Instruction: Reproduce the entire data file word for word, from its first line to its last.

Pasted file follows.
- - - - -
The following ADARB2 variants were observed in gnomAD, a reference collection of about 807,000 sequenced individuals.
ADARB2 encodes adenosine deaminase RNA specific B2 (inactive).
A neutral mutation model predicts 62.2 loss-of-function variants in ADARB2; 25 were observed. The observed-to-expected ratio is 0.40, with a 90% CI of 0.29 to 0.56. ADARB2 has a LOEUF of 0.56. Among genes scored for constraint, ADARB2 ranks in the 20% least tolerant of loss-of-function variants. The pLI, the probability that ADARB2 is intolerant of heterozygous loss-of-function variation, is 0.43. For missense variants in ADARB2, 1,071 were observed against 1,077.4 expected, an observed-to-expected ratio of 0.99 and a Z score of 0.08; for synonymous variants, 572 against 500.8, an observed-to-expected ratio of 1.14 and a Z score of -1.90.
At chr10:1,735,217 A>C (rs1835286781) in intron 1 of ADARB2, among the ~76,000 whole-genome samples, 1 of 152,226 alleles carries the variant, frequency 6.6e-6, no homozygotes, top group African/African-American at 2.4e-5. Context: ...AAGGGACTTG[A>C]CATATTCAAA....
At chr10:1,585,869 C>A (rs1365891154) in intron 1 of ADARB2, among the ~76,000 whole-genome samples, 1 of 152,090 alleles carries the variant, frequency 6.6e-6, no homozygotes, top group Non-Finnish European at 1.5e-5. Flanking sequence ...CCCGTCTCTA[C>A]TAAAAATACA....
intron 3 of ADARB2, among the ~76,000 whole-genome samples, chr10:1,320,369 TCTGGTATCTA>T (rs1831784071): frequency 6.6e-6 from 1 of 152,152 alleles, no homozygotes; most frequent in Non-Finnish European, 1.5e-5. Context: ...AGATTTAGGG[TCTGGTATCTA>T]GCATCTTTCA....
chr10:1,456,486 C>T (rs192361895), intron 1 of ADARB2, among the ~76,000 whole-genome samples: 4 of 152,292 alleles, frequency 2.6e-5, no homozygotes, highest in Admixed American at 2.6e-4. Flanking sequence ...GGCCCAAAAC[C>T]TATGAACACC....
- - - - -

The following ADARB2 variants were observed in gnomAD, a reference collection of about 807,000 sequenced individuals.
ADARB2 encodes adenosine deaminase RNA specific B2 (inactive).
A neutral mutation model predicts 62.2 loss-of-function variants in ADARB2; 25 were observed. The observed-to-expected ratio is 0.40, with a 90% CI of 0.29 to 0.56. ADARB2 has a LOEUF of 0.56. Among genes scored for constraint, ADARB2 ranks in the 20% least tolerant of loss-of-function variants. The pLI, the probability that ADARB2 is intolerant of heterozygous loss-of-function variation, is 0.43. For missense variants in ADARB2, 1,071 were observed against 1,077.4 expected, an observed-to-expected ratio of 0.99 and a Z score of 0.08; for synonymous variants, 572 against 500.8, an observed-to-expected ratio of 1.14 and a Z score of -1.90.
At chr10:1,735,217 A>C (rs1835286781) in intron 1 of ADARB2, among the ~76,000 whole-genome samples, 1 of 152,226 alleles carries the variant, frequency 6.6e-6, no homozygotes, top group African/African-American at 2.4e-5. Context: ...AAGGGACTTG[A>C]CATATTCAAA....
At chr10:1,585,869 C>A (rs1365891154) in intron 1 of ADARB2, among the ~76,000 whole-genome samples, 1 of 152,090 alleles carries the variant, frequency 6.6e-6, no homozygotes, top group Non-Finnish European at 1.5e-5. Flanking sequence ...CCCGTCTCTA[C>A]TAAAAATACA....
intron 3 of ADARB2, among the ~76,000 whole-genome samples, chr10:1,320,369 TCTGGTATCTA>T (rs1831784071): frequency 6.6e-6 from 1 of 152,152 alleles, no homozygotes; most frequent in Non-Finnish European, 1.5e-5. Context: ...AGATTTAGGG[TCTGGTATCTA>T]GCATCTTTCA....
chr10:1,456,486 C>T (rs192361895), intron 1 of ADARB2, among the ~76,000 whole-genome samples: 4 of 152,292 alleles, frequency 2.6e-5, no homozygotes, highest in Admixed American at 2.6e-4. Flanking sequence ...GGCCCAAAAC[C>T]TATGAACACC....